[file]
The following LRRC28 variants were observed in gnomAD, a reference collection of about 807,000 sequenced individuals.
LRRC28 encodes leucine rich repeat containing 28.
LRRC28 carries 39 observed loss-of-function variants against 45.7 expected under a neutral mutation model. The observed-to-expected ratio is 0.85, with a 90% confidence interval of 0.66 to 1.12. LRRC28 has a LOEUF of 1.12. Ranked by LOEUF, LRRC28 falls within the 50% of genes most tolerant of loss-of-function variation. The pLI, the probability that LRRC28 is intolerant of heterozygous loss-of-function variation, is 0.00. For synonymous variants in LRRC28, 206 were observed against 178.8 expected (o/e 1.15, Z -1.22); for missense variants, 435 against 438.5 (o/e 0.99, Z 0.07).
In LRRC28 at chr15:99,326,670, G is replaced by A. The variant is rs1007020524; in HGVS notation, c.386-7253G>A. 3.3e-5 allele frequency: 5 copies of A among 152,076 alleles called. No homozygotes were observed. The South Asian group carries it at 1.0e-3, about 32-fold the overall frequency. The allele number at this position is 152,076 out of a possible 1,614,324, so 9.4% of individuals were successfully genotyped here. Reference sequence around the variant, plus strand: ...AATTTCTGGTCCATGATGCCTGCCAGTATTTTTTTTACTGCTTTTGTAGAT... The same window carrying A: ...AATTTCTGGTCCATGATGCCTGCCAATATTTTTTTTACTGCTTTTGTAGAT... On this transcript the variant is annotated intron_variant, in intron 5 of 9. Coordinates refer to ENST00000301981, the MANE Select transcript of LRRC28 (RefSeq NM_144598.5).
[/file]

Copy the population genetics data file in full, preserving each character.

The following LRRC28 variants were observed in gnomAD, a reference collection of about 807,000 sequenced individuals.
LRRC28 encodes leucine rich repeat containing 28.
LRRC28 carries 39 observed loss-of-function variants against 45.7 expected under a neutral mutation model. The observed-to-expected ratio is 0.85, with a 90% confidence interval of 0.66 to 1.12. LRRC28 has a LOEUF of 1.12. Ranked by LOEUF, LRRC28 falls within the 50% of genes most tolerant of loss-of-function variation. The pLI, the probability that LRRC28 is intolerant of heterozygous loss-of-function variation, is 0.00. For synonymous variants in LRRC28, 206 were observed against 178.8 expected (o/e 1.15, Z -1.22); for missense variants, 435 against 438.5 (o/e 0.99, Z 0.07).
In LRRC28 at chr15:99,326,670, G is replaced by A. The variant is rs1007020524; in HGVS notation, c.386-7253G>A. 3.3e-5 allele frequency: 5 copies of A among 152,076 alleles called. No homozygotes were observed. The South Asian group carries it at 1.0e-3, about 32-fold the overall frequency. The allele number at this position is 152,076 out of a possible 1,614,324, so 9.4% of individuals were successfully genotyped here. Reference sequence around the variant, plus strand: ...AATTTCTGGTCCATGATGCCTGCCAGTATTTTTTTTACTGCTTTTGTAGAT... The same window carrying A: ...AATTTCTGGTCCATGATGCCTGCCAATATTTTTTTTACTGCTTTTGTAGAT... On this transcript the variant is annotated intron_variant, in intron 5 of 9. Coordinates refer to ENST00000301981, the MANE Select transcript of LRRC28 (RefSeq NM_144598.5).